Wall Street rose moderately Friday, carving out its fourth straight weekly gain amid a fresh round of corporate takeover news and employment figures that largely met expectations.
Reports that Microsoft Corp. has renewed talks to acquire or invest in Yahoo Inc. helped buoy investor sentiment Friday as did word that Reuters Group PLC received a preliminary takeover offer. There is speculation that Thomson Corp., the financial data provider, is the likely suitor for the British news and information company.
Beyond the buyout news, which has figured prominently in shaping Wall Street’s largely upbeat mood in recent months, economic figures offered some nuggets for both bullish and bearish investors. The Labor Department said Friday the nation’s jobless rate rose to 4.5 percent in April as expected; in the prior month, the rate stood at a five-year low of 4.4 percent.
But employers also added the fewest new jobs in more than two years. Wage growth, though, remained in check. While Wall Street doesn’t want consumers to feel less secure in their jobs and perhaps curb their spending, a spike in wages amid a tight labor market could stir concerns about inflation.
“The economic data suggest that the economy is not tanking and inflation is not accelerating and that the Fed is not going to upset the apple cart,” said Alan Levenson, chief economist at T. Rowe Price, referring to the Federal Reserve.
According to preliminary calculations, the Dow Jones industrial average rose 23.24, or 0.18 percent, to 13,264.62. The Dow reached a trading high of 13,284.53, which topped its previous record of 13,256.33 set Wednesday.
The blue chip index has set 19 record closes since the start of the year and 41 since the beginning of October. The Dow’s move higher in 23 of the last 26 sessions marks the longest streak of advances for the blue chips since 1955.
Broader stock indicators also moved higher Friday. The Standard & Poor’s 500 index advanced 3.23, or 0.21 percent, to 1,505.62. On Thursday, the S&P 500 moved above the 1,500 mark for the first time in nearly seven years, and it rise as high as 1,510.34 on Friday. The return to 1,500 puts the closing high of 1,527.46 — reached March 24, 2000 — within investors’ sights.
The Nasdaq composite index rose 6.69, or 0.26 percent, to 2,572.15; while the Nasdaq has risen alongside the Dow and the S&P in recent sessions, it remains about halfway toward its March 2000 high.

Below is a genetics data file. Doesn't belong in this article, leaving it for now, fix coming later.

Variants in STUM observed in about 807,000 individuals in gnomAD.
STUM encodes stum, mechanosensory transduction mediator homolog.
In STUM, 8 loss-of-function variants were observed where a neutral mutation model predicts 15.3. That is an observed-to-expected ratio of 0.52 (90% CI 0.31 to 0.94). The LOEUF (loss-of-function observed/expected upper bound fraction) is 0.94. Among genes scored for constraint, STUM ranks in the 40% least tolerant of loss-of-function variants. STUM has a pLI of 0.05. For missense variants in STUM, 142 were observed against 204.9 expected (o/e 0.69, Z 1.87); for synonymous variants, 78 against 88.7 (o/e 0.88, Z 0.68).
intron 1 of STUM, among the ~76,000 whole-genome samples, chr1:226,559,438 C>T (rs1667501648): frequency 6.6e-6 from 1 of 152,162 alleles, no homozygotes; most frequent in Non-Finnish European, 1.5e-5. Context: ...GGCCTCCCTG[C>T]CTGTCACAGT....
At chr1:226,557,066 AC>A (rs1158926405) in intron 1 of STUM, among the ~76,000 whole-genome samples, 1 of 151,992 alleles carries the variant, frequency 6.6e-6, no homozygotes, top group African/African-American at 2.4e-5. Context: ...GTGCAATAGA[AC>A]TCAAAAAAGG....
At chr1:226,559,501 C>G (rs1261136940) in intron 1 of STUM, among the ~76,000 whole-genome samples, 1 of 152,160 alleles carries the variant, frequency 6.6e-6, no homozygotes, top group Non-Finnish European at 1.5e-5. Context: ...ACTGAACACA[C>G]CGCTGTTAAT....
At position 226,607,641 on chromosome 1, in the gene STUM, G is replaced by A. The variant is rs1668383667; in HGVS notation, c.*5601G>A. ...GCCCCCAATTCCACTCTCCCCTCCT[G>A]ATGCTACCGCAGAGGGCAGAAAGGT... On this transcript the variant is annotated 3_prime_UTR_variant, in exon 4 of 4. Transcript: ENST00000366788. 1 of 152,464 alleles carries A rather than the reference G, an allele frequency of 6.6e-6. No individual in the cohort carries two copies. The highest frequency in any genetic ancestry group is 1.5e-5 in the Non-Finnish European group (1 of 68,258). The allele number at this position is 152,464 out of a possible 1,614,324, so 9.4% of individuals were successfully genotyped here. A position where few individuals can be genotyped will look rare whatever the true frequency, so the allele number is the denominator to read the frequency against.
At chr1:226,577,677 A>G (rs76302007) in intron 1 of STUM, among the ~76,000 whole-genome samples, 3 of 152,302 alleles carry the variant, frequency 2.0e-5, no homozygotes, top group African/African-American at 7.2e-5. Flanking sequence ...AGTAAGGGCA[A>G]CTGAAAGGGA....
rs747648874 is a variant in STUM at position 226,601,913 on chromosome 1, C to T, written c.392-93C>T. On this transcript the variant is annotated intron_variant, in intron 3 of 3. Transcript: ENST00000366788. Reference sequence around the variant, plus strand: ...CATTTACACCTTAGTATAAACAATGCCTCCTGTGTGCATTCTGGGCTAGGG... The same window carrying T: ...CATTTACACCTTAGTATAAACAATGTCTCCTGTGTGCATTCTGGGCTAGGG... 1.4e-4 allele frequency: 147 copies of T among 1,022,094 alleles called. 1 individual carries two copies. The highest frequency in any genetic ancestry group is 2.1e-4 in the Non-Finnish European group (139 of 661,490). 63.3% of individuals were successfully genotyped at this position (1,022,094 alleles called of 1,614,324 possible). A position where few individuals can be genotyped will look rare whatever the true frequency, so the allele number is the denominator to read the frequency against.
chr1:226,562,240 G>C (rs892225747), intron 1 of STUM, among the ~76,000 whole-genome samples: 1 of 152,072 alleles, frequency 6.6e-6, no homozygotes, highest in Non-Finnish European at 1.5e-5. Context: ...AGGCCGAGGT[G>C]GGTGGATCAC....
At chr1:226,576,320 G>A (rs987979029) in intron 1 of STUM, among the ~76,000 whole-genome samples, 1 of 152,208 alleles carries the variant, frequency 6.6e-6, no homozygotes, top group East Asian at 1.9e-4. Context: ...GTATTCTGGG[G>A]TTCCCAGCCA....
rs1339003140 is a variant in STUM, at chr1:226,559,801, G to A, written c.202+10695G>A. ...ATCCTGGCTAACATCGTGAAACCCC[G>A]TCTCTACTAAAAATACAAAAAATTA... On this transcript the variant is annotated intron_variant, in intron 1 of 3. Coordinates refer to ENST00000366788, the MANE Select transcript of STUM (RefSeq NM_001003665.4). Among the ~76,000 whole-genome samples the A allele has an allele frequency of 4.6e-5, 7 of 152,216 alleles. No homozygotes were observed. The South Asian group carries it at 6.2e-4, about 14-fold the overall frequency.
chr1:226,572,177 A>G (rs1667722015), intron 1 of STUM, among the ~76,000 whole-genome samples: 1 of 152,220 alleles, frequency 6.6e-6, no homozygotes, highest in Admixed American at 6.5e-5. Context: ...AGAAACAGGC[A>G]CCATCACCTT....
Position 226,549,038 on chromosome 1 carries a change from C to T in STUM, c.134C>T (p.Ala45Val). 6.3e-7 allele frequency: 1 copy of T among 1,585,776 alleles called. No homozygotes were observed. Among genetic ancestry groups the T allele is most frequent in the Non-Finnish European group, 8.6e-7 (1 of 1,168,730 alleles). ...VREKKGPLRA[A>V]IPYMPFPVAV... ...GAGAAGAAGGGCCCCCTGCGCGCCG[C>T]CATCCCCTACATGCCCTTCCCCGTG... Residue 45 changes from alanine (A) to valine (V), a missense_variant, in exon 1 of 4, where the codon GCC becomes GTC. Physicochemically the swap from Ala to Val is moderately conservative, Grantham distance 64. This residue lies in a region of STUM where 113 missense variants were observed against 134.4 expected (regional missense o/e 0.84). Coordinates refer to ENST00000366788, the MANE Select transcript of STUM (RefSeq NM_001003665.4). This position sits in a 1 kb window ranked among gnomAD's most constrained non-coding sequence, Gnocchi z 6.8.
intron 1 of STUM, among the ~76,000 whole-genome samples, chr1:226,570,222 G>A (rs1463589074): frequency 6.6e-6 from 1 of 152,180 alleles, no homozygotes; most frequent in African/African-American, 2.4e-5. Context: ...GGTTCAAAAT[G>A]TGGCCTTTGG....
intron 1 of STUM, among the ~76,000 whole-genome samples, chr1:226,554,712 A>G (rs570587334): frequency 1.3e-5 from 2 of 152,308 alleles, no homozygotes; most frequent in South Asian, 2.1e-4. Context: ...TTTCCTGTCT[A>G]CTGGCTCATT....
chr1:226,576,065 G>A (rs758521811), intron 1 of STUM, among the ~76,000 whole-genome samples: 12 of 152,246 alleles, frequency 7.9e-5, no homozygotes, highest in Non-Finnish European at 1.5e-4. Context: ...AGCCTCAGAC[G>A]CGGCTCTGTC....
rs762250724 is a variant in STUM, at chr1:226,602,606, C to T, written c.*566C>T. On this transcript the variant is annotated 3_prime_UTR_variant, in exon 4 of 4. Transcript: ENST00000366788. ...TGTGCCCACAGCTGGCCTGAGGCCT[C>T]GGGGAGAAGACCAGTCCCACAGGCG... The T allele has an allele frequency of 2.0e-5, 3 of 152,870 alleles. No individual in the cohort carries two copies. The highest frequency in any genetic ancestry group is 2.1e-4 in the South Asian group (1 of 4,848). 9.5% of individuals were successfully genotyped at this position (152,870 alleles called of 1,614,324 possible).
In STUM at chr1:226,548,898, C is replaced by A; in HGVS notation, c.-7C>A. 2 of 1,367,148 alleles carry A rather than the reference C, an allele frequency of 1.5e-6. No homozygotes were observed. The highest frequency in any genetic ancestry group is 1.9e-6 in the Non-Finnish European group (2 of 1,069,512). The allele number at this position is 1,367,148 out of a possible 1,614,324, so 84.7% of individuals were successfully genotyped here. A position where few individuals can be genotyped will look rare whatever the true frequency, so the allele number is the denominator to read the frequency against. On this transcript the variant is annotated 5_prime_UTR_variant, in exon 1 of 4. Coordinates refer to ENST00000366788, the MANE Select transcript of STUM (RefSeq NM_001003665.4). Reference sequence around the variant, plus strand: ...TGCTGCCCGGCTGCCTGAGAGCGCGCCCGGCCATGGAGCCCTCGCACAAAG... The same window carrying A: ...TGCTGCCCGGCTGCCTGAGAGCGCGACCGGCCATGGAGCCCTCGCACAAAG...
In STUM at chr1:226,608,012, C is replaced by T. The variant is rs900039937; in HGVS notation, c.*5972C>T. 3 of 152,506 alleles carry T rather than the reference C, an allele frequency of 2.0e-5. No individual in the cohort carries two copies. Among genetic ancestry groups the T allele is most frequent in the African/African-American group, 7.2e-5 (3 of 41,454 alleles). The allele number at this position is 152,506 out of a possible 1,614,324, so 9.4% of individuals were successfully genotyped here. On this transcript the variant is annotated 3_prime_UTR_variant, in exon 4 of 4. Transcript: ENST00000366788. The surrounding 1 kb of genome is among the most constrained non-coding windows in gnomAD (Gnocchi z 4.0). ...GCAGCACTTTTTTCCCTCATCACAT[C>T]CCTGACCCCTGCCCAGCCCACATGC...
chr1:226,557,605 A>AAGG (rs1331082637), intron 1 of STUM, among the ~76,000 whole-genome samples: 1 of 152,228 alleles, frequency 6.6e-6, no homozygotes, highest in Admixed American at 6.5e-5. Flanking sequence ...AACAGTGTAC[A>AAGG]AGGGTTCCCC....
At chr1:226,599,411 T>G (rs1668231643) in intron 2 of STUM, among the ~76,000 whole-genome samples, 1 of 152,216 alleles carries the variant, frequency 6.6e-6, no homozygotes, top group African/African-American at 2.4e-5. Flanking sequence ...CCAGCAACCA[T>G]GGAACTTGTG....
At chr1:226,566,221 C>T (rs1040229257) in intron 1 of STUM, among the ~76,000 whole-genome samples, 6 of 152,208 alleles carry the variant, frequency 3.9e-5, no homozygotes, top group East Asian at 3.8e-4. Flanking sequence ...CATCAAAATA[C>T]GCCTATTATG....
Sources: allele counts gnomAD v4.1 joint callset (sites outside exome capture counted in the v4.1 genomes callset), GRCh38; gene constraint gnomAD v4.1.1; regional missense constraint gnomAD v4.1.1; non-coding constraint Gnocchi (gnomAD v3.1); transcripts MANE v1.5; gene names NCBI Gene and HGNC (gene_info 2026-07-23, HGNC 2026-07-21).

Friday’s tepid moves in stocks — perhaps including some end-of-the-week profit taking — nonetheless left the major indexes on track to turn in another week of prodigious gains. The Dow is up nearly 1 percent for the week after crossing 13,200 for the first time Wednesday. It gained 7.7 percent in the previous 25 sessions.
With acquisitive investors apparently circling media and information properties Yahoo and Reuters, interest in such companies could be growing. Word of the possible combinations comes three days after News Corp., run by billionaire Rupert Murdoch, offered to acquire Wall Street Journal publisher Dow Jones & Co. for $5 billion. Dow Jones rose 12 cents to $55.89 Friday as the likelihood of a deal remained unclear. News Corp. climbed 12 cents to $23.56.
A broader spate of merger and acquisition activity seen recently has helped push stocks higher because investors generally regard such deals as bullish bets by companies on the health of the economy.
Friday’s takeover news sent the targeted companies higher. Yahoo rose $4.80, or 17 percent, to $32.97, while Reuters rose $15.08, or 25.6 percent, to $74. Investors, who tend to distance themselves from companies doing the acquiring, sent Thomson down 28 cents to $43.45 and Microsoft down 48 cents to $30.49.
Along with takeovers, earnings reports continue to draw attention on Wall Street. Better-than-expected profits have served as a catalyst for pushing stocks to record levels in recent months. Forest products company Weyerhaeuser Co. jumped $4.89, or 6.3 percent, to $83.05 after reporting it swung to a profit from a loss in the first quarter largely because of a combination of its fine-paper business with another paper maker.
Not all quarterly reports pleased investors, however. Eastman Kodak Co. fell $1.02, or 3.9 percent, to $24.95, after the company’s first-quarter loss narrowed but still fell short of Wall Street’s expectations. The company has been trying to move beyond a shrinking film business and further into digital products.
Overseas, stock markets in much of Asia, including Japan and Hong Kong, were closed for holidays. Britain’s FTSE 100 finished up 1.01 percent, Germany’s DAX index advanced 0.54 percent, and France’s CAC-40 rose 1.08 percent.